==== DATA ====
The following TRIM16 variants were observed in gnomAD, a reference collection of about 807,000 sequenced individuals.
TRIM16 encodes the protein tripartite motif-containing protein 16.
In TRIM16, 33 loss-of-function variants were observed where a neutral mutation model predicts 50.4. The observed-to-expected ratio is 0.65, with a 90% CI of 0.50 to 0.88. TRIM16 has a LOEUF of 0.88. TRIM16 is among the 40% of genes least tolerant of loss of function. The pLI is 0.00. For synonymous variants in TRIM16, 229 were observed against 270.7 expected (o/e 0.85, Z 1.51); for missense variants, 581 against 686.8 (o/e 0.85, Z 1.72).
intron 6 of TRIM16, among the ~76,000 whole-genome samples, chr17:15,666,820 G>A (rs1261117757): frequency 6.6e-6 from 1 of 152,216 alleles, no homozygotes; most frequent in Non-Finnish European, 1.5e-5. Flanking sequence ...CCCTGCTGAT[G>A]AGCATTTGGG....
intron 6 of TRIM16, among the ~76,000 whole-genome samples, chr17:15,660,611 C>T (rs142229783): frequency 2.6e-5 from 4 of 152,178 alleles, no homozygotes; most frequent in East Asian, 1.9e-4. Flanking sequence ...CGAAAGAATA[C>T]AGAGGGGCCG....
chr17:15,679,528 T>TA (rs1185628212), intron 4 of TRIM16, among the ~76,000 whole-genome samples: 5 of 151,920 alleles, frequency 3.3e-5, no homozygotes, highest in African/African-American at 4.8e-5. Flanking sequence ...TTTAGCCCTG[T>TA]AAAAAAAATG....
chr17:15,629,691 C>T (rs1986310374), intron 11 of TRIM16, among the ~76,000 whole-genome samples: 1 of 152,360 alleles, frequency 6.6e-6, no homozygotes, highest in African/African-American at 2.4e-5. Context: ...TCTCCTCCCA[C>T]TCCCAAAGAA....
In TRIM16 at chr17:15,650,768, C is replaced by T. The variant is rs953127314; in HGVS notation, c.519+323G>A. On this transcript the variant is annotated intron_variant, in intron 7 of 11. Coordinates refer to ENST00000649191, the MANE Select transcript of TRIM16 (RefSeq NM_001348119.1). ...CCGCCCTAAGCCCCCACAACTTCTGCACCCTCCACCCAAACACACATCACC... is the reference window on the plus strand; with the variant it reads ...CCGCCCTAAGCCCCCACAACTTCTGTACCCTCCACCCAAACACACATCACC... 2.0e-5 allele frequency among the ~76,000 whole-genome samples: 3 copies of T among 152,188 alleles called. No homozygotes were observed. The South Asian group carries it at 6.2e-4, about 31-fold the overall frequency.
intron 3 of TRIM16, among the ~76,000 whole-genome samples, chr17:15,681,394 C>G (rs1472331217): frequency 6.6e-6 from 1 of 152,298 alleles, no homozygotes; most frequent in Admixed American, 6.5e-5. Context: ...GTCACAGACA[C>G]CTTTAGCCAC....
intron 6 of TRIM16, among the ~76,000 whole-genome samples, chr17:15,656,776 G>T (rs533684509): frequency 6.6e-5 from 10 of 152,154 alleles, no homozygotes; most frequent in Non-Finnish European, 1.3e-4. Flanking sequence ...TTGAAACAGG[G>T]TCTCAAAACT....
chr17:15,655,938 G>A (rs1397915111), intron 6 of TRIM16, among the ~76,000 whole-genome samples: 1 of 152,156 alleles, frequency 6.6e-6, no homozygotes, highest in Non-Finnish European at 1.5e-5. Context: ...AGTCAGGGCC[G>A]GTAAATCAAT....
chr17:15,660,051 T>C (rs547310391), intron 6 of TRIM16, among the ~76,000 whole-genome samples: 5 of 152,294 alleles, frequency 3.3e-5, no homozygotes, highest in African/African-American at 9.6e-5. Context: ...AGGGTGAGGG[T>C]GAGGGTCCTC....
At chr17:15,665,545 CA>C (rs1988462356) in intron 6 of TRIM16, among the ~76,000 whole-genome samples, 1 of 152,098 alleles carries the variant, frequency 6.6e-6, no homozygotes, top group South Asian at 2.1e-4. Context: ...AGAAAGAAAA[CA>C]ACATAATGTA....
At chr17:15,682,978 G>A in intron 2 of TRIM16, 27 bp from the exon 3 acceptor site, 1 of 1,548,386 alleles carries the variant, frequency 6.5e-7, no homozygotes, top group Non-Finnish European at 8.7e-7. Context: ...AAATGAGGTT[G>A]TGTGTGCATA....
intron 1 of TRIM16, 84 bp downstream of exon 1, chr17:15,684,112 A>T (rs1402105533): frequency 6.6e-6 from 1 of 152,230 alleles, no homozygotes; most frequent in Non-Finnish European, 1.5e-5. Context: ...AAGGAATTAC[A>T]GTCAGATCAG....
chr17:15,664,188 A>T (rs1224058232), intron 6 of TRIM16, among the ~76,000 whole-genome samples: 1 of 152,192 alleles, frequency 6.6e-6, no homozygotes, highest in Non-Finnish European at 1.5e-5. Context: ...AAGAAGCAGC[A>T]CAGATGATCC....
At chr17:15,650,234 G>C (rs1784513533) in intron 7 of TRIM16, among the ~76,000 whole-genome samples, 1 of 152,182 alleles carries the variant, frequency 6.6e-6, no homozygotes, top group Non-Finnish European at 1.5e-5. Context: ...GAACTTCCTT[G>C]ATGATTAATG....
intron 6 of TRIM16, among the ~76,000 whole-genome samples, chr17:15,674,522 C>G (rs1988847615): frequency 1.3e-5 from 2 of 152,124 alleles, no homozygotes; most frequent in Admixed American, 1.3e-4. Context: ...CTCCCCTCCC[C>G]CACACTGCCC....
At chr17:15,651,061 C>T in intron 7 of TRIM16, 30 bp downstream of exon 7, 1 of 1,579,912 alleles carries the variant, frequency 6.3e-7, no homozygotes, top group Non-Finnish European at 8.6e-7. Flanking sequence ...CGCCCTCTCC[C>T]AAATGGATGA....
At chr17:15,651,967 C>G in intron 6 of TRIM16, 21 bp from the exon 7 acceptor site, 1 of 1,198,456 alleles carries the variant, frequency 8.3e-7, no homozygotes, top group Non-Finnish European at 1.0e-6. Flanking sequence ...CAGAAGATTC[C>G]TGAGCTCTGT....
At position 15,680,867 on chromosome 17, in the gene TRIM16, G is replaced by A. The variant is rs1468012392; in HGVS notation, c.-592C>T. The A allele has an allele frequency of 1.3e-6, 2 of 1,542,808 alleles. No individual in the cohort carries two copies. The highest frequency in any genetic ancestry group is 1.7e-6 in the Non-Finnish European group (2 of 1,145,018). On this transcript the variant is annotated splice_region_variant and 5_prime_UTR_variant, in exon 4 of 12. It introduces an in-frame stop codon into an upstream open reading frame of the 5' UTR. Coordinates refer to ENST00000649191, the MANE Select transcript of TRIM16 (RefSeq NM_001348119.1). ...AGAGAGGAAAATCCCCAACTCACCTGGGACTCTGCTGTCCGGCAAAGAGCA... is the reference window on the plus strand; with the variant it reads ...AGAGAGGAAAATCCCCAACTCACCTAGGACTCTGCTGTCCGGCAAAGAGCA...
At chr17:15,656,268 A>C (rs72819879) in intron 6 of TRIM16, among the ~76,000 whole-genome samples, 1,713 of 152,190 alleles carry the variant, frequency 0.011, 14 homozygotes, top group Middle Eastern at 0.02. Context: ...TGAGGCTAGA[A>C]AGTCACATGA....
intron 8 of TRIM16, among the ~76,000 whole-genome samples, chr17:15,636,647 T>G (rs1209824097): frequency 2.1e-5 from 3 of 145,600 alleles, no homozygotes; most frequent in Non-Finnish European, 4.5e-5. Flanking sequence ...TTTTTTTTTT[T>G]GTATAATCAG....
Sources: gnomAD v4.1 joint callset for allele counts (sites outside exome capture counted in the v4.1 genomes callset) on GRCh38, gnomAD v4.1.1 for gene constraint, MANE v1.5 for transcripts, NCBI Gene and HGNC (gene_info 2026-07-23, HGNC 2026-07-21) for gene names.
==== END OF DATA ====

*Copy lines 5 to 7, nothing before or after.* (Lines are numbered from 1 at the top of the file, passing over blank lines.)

intron 6 of TRIM16, among the ~76,000 whole-genome samples, chr17:15,660,611 C>T (rs142229783): frequency 2.6e-5 from 4 of 152,178 alleles, no homozygotes; most frequent in East Asian, 1.9e-4. Flanking sequence ...CGAAAGAATA[C>T]AGAGGGGCCG....
chr17:15,679,528 T>TA (rs1185628212), intron 4 of TRIM16, among the ~76,000 whole-genome samples: 5 of 151,920 alleles, frequency 3.3e-5, no homozygotes, highest in African/African-American at 4.8e-5. Flanking sequence ...TTTAGCCCTG[T>TA]AAAAAAAATG....
chr17:15,629,691 C>T (rs1986310374), intron 11 of TRIM16, among the ~76,000 whole-genome samples: 1 of 152,360 alleles, frequency 6.6e-6, no homozygotes, highest in African/African-American at 2.4e-5. Context: ...TCTCCTCCCA[C>T]TCCCAAAGAA....